For the first time in nearly 60 years, not a single typhoon hit the island of Taiwan in 2020. With no typhoons and little rain otherwise, the current drought in Taiwan is the worst the country has endured in decades.
Although droughts occur every few years, the current drought in Taiwan has brought water levels in the country to alarmingly low levels. Reservoirs in the country are very dry, with some reaching less than 10% total capacity. So far, the drought has lasted for more than 18 months. With 2021’s rainy season already nearly over, the end for Taiwanese citizens and farmlands is nowhere in sight.
Affecting the Farmers
Doughts have hit Taiwanese farmers particularly hard. The Taiwanese government has stopped irrigating more than 74,000 hectares of farmland. This was to conserve water and protect the island’s booming microchip manufacturing infrastructure. Manufacturing giant Taiwanese Semiconductor Manufacturing Company (TSMC) reportedly uses up to 156 million liters of water daily while recycling an estimated 86% of consumed water. Farmers have transitioned from traditional crops including rice to low-water crops that include watermelons and sunflowers.
Poverty rates in Taiwan are low in comparison with poverty rates globally — with roughly 1% of the population “poor or belonging to the low-income bracket.” However, the drought in Taiwan will hit the rural poor the hardest. Poor farmers will suffer as landowners accept government subsidies in exchange for leaving farmland fallow. The farmers are unable to speak their minds for fear of angering the landowners.
Manufacturing giants including TSMC can use a portion of the profits to transport truckloads of water from rainier regions in Taiwan. However, farmers have had to resign to sipping tea and bicycling around town as the lands crack under the beating sun. As one Taiwanese farmer, Hsieh Tsai-shan, told the New York Times, “being a farmer is truly the worst.”
The Struggle to Balance
The historic drought in Taiwan has highlighted shortcomings in the country’s handling of water across the nation. While some chide Taiwanese households for consuming too much water due to low water prices, others clarify that rainfall in Taiwan has been decreasing steadily over the past few decades.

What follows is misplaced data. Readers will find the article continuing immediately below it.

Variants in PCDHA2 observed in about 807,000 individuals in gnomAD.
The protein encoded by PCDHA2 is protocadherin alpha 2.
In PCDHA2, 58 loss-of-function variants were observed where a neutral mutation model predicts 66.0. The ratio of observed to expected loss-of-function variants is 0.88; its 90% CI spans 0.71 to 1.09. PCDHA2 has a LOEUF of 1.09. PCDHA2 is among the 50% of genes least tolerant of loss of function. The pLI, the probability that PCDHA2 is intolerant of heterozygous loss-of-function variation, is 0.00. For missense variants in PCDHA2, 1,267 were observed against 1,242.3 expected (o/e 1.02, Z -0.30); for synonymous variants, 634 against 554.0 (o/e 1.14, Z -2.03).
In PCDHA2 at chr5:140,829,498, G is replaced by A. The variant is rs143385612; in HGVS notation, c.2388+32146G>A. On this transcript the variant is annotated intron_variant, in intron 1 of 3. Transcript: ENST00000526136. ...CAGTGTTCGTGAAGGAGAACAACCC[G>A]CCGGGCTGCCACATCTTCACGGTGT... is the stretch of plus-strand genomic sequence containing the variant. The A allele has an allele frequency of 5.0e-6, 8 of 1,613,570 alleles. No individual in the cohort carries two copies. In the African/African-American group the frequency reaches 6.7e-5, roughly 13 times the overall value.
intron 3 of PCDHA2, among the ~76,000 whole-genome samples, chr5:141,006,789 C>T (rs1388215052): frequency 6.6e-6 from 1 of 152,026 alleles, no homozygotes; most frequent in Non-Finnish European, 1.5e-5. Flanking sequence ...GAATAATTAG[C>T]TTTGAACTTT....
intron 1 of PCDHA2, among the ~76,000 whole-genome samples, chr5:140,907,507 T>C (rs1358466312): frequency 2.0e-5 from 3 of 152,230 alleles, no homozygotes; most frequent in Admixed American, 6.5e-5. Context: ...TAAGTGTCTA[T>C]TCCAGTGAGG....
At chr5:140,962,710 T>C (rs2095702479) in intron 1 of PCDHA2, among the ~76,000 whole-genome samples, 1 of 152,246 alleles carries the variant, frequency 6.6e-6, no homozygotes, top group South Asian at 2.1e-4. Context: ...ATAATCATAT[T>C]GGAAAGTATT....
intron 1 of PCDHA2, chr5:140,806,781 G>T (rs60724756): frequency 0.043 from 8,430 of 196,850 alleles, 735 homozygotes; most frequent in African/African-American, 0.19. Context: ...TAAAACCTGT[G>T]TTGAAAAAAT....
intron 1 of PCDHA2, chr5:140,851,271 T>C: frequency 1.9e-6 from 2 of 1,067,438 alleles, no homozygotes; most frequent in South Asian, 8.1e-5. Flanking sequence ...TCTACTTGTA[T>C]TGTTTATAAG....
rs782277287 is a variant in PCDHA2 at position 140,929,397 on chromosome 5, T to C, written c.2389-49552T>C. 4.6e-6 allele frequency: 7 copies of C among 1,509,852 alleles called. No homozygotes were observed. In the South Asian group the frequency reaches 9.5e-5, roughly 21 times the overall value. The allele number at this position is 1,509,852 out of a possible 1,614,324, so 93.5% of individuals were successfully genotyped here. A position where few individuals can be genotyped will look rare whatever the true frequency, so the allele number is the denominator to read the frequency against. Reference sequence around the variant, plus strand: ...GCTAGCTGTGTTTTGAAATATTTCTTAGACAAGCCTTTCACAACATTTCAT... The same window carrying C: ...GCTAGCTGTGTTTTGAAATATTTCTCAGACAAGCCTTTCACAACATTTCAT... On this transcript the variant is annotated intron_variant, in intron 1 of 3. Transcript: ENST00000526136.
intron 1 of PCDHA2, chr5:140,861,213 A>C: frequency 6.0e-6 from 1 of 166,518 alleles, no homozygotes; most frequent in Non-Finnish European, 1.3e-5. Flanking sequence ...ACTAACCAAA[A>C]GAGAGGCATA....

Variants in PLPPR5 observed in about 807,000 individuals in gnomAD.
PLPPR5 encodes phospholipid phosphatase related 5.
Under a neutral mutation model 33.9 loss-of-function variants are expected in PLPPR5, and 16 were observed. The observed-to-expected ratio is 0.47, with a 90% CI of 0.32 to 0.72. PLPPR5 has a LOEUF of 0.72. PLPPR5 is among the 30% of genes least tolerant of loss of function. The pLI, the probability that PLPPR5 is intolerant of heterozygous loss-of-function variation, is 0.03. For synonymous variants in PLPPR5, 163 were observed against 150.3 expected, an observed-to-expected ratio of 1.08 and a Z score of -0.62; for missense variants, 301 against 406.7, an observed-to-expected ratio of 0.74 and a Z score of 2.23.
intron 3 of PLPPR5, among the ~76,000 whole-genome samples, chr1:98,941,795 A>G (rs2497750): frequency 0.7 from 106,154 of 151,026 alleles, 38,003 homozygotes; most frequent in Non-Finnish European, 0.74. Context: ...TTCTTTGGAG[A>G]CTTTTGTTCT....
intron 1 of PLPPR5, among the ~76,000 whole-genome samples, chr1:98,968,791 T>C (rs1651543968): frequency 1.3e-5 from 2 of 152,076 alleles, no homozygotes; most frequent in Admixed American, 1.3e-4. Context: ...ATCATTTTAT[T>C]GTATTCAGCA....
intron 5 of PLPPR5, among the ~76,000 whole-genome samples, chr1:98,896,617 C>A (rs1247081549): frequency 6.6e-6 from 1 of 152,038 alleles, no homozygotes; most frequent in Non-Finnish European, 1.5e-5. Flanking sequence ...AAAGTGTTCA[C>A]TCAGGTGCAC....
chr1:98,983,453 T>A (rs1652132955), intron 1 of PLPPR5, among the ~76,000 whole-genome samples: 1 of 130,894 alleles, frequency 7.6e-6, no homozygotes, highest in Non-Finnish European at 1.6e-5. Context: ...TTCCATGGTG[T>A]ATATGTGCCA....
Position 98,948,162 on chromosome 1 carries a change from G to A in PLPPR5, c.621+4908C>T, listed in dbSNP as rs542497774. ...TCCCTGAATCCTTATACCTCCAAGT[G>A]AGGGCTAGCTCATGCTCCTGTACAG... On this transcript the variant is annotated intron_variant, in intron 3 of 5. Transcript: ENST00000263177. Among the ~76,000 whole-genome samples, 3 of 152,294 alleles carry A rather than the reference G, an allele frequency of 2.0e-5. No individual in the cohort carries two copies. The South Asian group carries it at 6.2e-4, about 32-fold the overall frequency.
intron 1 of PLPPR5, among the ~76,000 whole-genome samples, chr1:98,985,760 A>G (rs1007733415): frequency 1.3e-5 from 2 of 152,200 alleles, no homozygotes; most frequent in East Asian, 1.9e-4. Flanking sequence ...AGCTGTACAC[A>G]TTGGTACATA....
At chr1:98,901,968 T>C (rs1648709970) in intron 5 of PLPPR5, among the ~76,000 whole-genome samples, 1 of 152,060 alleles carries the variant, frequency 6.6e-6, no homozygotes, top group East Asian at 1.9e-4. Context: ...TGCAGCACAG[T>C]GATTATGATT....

The government has been working hard to address the drought efficiently. Taiwan depends heavily on microchip manufacturers, including TSMC, as a country. The TSMC accounts for “more than [90%] of the world’s manufacturing capacity for the most advanced chips.” Because of this, the Taiwanese government has authorized the companies to continue working within normal capacity. However, the companies recycle water at high percentages. Recycling does not fully make up the 63 million gallons of water TSMC consumed in 2019 across all of its manufacturing facilities.
Restoring the Water
The allowances for manufacturing companies come at a cost. The recent drought in Taiwan has decimated its farming industry. It is not unusual for the government to shut off irrigation on a large scale in order to save water. However, it has only been six years since the last shut-off and farmers are struggling as a result.
The government is not only helping manufacturers including TSMC. It is also helping farmers by:
- Offering farmers subsidies in exchange for not irrigating their fields
- Looking into imposing extra fees on Taiwan’s 1,800 water-intensive factories
- Drilling extra wells to create more water sources
- Researching to fix leaky pipes, which can result in the loss of up to 14% of water in transport
- Dumping cloud-seeding chemicals in hopes of triggering downpours
Only time will tell how long this crushing drought in Taiwan will last. Through the Taiwan government’s work, it may be able to overcome its shockingly low poverty rate of 1%, or at the very least, prevent poverty from rising.
– Thomas McCall